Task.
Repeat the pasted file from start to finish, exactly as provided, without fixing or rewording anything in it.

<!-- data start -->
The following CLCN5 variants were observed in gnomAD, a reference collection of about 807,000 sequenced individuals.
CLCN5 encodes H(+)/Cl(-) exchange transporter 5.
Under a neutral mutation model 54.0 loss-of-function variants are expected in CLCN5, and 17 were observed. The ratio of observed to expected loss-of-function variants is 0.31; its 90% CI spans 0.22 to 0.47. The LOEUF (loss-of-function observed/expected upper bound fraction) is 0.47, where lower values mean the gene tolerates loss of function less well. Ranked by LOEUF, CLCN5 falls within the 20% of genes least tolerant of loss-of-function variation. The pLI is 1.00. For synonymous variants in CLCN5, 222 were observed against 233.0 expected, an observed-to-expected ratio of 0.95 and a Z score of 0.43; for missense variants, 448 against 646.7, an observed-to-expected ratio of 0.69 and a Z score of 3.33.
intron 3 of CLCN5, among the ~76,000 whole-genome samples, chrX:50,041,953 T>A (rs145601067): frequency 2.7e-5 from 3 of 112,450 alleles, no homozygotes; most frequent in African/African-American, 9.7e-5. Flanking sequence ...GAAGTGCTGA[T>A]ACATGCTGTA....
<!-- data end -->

The following CLCN5 variants were observed in gnomAD, a reference collection of about 807,000 sequenced individuals.
CLCN5 encodes H(+)/Cl(-) exchange transporter 5.
Under a neutral mutation model 54.0 loss-of-function variants are expected in CLCN5, and 17 were observed. The ratio of observed to expected loss-of-function variants is 0.31; its 90% CI spans 0.22 to 0.47. The LOEUF (loss-of-function observed/expected upper bound fraction) is 0.47, where lower values mean the gene tolerates loss of function less well. Ranked by LOEUF, CLCN5 falls within the 20% of genes least tolerant of loss-of-function variation. The pLI is 1.00. For synonymous variants in CLCN5, 222 were observed against 233.0 expected, an observed-to-expected ratio of 0.95 and a Z score of 0.43; for missense variants, 448 against 646.7, an observed-to-expected ratio of 0.69 and a Z score of 3.33.
intron 3 of CLCN5, among the ~76,000 whole-genome samples, chrX:50,041,953 T>A (rs145601067): frequency 2.7e-5 from 3 of 112,450 alleles, no homozygotes; most frequent in African/African-American, 9.7e-5. Flanking sequence ...GAAGTGCTGA[T>A]ACATGCTGTA....